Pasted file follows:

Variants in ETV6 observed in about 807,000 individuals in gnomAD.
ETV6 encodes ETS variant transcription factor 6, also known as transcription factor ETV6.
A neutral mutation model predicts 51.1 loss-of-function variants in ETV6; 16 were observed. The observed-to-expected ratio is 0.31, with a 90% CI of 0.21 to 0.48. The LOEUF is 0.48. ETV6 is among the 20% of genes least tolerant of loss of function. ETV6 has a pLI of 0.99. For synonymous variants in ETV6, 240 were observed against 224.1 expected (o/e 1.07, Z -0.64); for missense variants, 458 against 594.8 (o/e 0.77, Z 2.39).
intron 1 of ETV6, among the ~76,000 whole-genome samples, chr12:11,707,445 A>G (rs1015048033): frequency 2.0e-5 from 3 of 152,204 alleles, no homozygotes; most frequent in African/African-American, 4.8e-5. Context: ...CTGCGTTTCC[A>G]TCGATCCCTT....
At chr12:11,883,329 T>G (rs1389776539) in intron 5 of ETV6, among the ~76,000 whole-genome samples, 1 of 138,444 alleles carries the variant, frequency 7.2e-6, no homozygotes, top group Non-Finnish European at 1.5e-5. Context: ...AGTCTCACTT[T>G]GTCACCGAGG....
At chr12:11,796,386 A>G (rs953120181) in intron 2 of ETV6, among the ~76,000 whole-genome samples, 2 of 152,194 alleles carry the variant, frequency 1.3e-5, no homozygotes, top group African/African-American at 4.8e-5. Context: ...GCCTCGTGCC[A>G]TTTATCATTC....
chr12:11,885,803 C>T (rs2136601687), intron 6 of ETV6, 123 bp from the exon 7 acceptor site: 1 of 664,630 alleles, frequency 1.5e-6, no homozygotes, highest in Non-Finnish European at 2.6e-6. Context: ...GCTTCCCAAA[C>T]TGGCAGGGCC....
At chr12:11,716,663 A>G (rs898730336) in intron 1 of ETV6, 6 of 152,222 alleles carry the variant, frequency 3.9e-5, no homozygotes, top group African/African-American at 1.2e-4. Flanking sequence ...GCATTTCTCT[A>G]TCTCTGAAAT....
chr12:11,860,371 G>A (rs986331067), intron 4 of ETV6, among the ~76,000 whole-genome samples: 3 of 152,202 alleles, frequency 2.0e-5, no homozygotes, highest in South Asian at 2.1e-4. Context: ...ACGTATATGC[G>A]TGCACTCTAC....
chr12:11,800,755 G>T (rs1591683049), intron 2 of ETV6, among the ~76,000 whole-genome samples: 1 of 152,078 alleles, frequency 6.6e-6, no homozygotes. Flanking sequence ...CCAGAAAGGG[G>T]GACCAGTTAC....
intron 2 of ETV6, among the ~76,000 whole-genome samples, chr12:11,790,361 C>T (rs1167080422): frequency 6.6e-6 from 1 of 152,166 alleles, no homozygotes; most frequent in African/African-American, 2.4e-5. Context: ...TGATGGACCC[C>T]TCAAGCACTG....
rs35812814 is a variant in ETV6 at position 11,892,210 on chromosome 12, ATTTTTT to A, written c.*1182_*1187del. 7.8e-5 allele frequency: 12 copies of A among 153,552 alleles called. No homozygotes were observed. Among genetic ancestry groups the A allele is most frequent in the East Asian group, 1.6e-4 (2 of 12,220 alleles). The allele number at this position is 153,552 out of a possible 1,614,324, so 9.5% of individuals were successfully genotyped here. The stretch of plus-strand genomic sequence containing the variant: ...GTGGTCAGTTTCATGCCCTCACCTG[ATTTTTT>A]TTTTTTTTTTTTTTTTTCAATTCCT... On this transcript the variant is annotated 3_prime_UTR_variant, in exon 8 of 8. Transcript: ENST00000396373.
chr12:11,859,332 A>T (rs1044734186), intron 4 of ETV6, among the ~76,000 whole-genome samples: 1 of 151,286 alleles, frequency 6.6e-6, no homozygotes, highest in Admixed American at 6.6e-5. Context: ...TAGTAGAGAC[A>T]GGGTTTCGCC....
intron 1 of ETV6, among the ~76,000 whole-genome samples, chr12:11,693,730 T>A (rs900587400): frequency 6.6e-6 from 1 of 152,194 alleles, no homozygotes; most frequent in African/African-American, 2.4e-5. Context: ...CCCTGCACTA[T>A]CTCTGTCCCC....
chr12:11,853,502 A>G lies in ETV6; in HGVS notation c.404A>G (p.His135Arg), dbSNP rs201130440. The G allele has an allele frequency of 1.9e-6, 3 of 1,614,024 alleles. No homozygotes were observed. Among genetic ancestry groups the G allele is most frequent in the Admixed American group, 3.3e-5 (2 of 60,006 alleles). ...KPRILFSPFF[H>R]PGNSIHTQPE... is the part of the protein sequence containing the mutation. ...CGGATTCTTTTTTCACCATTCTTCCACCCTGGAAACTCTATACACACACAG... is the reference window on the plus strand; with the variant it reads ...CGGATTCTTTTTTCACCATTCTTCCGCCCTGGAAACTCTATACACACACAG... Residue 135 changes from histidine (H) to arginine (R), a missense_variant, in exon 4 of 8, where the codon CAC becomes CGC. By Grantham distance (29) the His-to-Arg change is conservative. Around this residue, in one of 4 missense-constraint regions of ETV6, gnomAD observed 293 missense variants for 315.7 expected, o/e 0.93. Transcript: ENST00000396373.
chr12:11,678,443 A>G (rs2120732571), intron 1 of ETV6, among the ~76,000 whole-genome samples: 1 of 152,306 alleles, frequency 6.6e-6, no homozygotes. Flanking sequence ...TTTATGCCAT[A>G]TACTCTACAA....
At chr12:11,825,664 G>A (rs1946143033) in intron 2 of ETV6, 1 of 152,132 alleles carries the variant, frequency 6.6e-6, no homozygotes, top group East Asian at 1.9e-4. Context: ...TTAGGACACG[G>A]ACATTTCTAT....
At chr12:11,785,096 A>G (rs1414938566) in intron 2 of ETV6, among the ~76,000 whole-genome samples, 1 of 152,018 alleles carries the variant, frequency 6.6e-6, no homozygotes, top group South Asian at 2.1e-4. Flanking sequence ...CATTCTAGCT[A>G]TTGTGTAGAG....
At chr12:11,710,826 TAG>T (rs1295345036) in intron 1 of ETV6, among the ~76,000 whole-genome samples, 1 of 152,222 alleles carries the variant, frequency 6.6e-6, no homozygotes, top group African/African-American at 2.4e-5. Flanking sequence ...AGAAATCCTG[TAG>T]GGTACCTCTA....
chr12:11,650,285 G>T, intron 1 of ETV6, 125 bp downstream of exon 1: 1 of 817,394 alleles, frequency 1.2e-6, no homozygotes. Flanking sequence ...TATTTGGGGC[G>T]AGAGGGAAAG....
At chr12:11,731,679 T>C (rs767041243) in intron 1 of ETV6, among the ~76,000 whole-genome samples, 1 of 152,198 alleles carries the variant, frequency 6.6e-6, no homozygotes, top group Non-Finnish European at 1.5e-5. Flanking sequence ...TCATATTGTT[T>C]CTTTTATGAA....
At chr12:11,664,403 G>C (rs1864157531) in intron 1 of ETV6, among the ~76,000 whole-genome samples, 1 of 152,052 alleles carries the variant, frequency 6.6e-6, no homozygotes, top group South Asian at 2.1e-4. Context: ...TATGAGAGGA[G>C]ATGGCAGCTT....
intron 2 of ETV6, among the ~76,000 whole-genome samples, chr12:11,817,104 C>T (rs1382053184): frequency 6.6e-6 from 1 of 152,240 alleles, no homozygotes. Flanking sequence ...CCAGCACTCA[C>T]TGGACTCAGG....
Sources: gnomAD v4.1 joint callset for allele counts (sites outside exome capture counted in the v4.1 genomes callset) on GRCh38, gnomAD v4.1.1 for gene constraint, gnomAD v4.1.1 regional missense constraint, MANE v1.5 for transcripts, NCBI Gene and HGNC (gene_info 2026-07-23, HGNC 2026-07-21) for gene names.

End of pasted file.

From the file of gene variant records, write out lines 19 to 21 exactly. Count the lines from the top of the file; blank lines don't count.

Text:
At chr12:11,710,826 TAG>T (rs1295345036) in intron 1 of ETV6, among the ~76,000 whole-genome samples, 1 of 152,222 alleles carries the variant, frequency 6.6e-6, no homozygotes, top group African/African-American at 2.4e-5. Flanking sequence ...AGAAATCCTG[TAG>T]GGTACCTCTA....
chr12:11,650,285 G>T, intron 1 of ETV6, 125 bp downstream of exon 1: 1 of 817,394 alleles, frequency 1.2e-6, no homozygotes. Flanking sequence ...TATTTGGGGC[G>T]AGAGGGAAAG....
At chr12:11,731,679 T>C (rs767041243) in intron 1 of ETV6, among the ~76,000 whole-genome samples, 1 of 152,198 alleles carries the variant, frequency 6.6e-6, no homozygotes, top group Non-Finnish European at 1.5e-5. Flanking sequence ...TCATATTGTT[T>C]CTTTTATGAA....